Borel was also able to make contact with those who rendered paid services for the basketball tournament, such as referees and trophy providers, who confirmed that none of them had received any of the payment promised for their provided services as of September 1.
According to McCulley, the affidavit with all of the information was issued to City Judge Judith Haney for review and it was determined that Price had not contacted people she said she had and had failed to uphold payment to individuals who provided services at the tournament.
Based on interviews with witnesses, Borel believed that probable cause existed, and a warrant was issued for Price for Theft of Service, which is a state jail felony, of more than $1,500 less than $20,000.
In additional interviews by Sgt. Borel, people in the community observed Price spending large amounts of money at different locations and it is believed the initial report she made was a diversion so she could take the money herself. Price was arrested on September 9 of the felony charge of Theft of Service for not paying approximately $5,000 to different entities involved with the tournament.
On August 30 at approximately 5:30 p.m, a Tyler County Sheriff's deputy was dispatched to a location in Colmesneil regarding a child welfare concern.
According to Phil Ryan with the Tyler County Sheriff's Department, dispatch said that a young child had been locked out of the house for several hours. Deputies had also been dispatched to the same home before regarding similar complaints. When the deputy arrived, he noticed a young child in "less than appropriate outdoor attire," which consisted of just a T-shirt and underwear. The deputy reported the child had a disheveled look and severe bug bites.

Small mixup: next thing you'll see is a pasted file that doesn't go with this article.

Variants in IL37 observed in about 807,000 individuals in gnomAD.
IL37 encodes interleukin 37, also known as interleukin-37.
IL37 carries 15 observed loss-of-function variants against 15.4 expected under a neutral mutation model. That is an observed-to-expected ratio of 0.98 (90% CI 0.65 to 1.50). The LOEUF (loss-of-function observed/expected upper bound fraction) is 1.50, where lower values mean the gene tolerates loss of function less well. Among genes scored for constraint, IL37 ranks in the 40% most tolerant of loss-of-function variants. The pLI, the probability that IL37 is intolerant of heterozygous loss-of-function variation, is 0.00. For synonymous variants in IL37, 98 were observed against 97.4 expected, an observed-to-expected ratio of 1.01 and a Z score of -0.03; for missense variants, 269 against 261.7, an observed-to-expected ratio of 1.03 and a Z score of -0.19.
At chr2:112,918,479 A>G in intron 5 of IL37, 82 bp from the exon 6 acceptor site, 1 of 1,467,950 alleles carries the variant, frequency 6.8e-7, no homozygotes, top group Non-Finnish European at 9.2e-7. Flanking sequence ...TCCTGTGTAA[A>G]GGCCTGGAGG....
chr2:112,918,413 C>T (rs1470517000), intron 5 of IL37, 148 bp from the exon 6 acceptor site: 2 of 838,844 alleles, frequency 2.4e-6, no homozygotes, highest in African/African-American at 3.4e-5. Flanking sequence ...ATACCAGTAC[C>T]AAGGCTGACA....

According to reports, the child stated that punishment for being bad resulted in being locked out of the house. When asked how long the child had been outside, the child said since approximately noon, which meant the child had been locked out for approximately five hours.
The deputy then asked the child if the child had been given food or water, and the child reported that he/she was able to drink some water from the hose.
According to Ryan, the deputy was unable to locate the mother at the residence. When he walked around the house, he noticed decaying garbage piled up all around the outside of the house.
The child's mother, Tammy Jane Martin, age 47, of Colmesneil, eventually answered the door and told the deputy the child had only been locked outside of the house since 2 p.m.
"When asked if she thought the child was taking care of itself, she stated 'no, it's a child." Ryan said. "The deputy also let her know the child could have been kidnapped or hit by a car. Several things could have happened when she was not looking after the child."
The deputy then asked for permission to enter the residence, and Martin agreed.
"The odor of cat urine, cat feces and garbage almost made the deputy get sick," Ryan said. "Garbage and debris was scattered everywhere, along with roaches and fleas all over the home."
At that point, Martin was detained for endangering a child and placed in the patrol car.
Child Protective Services also arrived to assist with the investigation.
The residence was further searched and discovered that the child's bedroom had no bed, only blankets on the floor surrounded by garbage bags, cat feces and roaches on the floor and no air conditioning. It was noted in reports that Martin's room had both a bed and air conditioning.
"The whole house was unsanitary and not a safe place to live," Ryan said. "CPS had been there before and the mother had cleaned up only two months prior and the home had already gotten back into a bad state."
Deputies also interviewed surrounding neighbors that were concerned for the child's welfare. According to witnesses, the child often ran away and sometimes slept in a van parked outside of the house.
Martin was transferred to the Tyler County Sheriff's Office and charged with endangering a child.
"A lot of CPS complaints come through this department and we take them seriously, and investigate them thoroughly, along with CPS." Ryan said.
City of Woodville Water Restriction Update - City of Woodville water customers are still under water restrictions, but you may now water vegetation and clean equipment between the hours of 8 p.m. and 10 a.m., based on your address: Odd numbered street addresses on on odd numbered days, even numbered addresses on even numbered days. Please continue to conserve according to guidelines until further notice.